Anderson, however, claims to appeal from the trial court's order of December 30, 2008.   The trial court's December 30 order was in response to an oral motion for the trial court to “clarify” its earlier ruling requiring Anderson to pay attorney fees to Hester.   This is at best another motion to reconsider, which by rule cannot extend the time limit within which a party must file a notice of appeal.   See T.R. 53.4;  Citizens Indus. Group, 856 N.E.2d at 737.   Moreover, unlike the November 7 order, the trial court's December 30 order does not alter or modify the original September 22 order requiring Anderson to pay attorney fees to Hester.   Instead, the December 30 order simply affirms the trial court's decision, initially made on September 22, that Anderson pay attorney fees to Hester.   We therefore conclude that, under these facts and circumstances, Anderson failed to timely file an appeal from the trial court's order requiring him to pay attorney fees to Hester.

 With regard to the trial court's order that Anderson pay attorney fees to the Estate, our conclusion is the same, but our analysis is slightly different.   The trial court's September 22 order did grant the Estate's request for attorney fees, but the order did not require Anderson to pay a specific amount to the Estate.   Instead, the trial court ordered the Estate to file an attorney fees affidavit in order to determine the amount of the award, which the Estate subsequently did.   As the trial court's September 22 order did not require Anderson to pay a specific amount, the trial court's September 22 order was not appealable as of right with regard to the requirement that Anderson pay attorney fees to the Estate.   Cf. Allstate Ins. Co. v. Scroghan, 801 N.E.2d 191, 195 (Ind.Ct.App.2004) (rejecting appellant's argument that an interlocutory order was appealable as of right where the order did not require appellant to pay any money but merely required appellant to expend money in order to comply with the order), trans. denied.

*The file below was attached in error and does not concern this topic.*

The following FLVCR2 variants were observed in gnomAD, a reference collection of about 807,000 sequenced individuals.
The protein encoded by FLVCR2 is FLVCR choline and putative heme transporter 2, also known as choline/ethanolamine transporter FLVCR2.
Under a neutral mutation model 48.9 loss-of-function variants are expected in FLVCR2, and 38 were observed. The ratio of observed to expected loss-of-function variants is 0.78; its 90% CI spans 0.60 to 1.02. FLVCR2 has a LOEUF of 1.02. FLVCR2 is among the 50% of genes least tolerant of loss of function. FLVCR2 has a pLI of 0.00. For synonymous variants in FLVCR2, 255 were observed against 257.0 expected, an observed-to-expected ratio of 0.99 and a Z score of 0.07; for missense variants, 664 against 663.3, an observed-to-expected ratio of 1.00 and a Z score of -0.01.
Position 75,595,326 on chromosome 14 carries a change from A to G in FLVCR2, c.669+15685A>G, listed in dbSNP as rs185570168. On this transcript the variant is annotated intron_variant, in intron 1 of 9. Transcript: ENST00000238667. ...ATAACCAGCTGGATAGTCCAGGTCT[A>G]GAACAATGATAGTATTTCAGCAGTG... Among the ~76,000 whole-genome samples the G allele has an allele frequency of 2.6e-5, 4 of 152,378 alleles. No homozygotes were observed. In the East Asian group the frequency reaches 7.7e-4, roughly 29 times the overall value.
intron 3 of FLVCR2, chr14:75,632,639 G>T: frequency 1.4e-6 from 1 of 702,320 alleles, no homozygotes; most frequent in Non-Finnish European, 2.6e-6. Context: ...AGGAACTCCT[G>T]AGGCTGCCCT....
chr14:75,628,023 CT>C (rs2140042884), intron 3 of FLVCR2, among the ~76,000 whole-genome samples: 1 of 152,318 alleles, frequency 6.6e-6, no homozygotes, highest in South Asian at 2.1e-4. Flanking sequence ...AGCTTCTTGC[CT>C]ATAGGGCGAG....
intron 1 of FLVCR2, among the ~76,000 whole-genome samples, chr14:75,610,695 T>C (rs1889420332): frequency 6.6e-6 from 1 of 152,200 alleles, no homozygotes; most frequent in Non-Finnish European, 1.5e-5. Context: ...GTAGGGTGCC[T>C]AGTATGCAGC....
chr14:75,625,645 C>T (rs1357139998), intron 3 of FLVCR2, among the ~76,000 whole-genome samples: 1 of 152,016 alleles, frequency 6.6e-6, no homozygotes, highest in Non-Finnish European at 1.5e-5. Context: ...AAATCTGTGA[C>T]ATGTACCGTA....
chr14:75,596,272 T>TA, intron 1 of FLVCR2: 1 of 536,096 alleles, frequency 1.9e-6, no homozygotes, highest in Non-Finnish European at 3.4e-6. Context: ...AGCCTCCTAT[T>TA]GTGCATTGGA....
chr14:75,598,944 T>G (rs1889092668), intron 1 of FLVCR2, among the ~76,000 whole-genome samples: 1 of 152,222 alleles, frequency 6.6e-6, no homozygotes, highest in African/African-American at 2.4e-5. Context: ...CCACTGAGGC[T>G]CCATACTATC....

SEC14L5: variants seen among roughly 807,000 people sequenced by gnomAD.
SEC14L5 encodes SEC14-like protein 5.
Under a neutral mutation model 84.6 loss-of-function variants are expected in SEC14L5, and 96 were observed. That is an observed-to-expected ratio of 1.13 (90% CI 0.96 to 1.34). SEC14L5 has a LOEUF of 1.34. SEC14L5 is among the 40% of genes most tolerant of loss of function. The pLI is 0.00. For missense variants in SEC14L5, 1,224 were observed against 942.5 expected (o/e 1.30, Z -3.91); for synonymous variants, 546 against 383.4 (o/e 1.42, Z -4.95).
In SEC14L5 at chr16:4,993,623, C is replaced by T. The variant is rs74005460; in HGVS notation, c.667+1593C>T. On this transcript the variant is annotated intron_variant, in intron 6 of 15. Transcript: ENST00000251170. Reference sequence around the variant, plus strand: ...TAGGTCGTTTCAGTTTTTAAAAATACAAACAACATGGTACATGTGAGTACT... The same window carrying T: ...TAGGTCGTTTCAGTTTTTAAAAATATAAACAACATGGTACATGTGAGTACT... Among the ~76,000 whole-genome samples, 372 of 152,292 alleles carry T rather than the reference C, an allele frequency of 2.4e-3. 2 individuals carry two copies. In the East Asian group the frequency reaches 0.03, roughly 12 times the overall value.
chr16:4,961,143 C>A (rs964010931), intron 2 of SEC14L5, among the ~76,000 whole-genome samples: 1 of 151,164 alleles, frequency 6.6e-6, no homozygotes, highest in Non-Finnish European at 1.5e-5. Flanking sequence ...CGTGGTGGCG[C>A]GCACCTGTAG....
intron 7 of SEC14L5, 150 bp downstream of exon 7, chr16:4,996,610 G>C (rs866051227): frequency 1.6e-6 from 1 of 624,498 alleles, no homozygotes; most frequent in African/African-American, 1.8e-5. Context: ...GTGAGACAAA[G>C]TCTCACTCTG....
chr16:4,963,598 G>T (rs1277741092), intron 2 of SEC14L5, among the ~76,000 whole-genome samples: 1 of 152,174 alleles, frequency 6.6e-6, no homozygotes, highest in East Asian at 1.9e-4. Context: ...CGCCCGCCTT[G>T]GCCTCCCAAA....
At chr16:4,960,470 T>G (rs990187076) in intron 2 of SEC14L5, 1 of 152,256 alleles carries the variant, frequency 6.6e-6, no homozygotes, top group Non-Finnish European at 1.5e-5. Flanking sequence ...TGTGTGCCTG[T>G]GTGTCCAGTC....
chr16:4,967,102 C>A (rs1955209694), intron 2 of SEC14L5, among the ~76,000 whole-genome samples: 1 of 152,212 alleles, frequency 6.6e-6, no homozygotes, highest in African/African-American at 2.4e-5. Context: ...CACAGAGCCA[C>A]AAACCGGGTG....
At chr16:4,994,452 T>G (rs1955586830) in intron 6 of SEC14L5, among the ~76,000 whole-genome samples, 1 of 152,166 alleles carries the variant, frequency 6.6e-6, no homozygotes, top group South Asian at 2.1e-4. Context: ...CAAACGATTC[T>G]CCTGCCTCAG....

The trial court did not enter an order requiring Anderson to pay a specific amount of attorney fees to the Estate until October 20, 2008, when the trial court entered its order denying Anderson's motion to reconsider its award of attorney fees to the Estate.   In the October 20 order, the trial court specifically granted attorney fees to the Estate in the amount of $4,475.   However, Anderson did not file his notice of appeal until January 22, 2009, well beyond thirty days from October 20.6

Again, Anderson claims to appeal from the trial court's order of December 30, 2008, not the October 20 order.   As noted above, the December 30 order was in response to an oral motion to “clarify” the trial court's prior rulings regarding the award of attorney fees to the Estate.   However, we repeat that such motions do not extend the time within which a party must file a notice of appeal.   See T.R. 53.4;  Citizens Indus. Group, 856 N.E.2d at 737.

We recognize that, with regard to the award of attorney fees to the Estate, the December 30 order did somewhat modify the trial court's original October 20 award in that it vacated the award of attorney fees with regard to Anderson's client Johnson.   However, with regard to Anderson himself, the trial court simply affirmed its order that Anderson pay attorney fees to the Estate.

The critical fact is that the trial court granted the Estate's request for attorney fees on September 22.   Anderson filed a motion to reconsider this award, which the trial court denied on October 20 and ordered Anderson to pay $4,475 to the Estate.   Instead of appealing this order, Anderson did not pay the Estate as ordered.   When this came to the trial court's attention, Anderson orally moved the trial court to “clarify” its order.   However, the trial court's October 20 order was quite clear.   And although the trial court in its December 30 order did modify its award of attorney fees as far as Johnson was concerned, it simply affirmed the award as far as Anderson was concerned.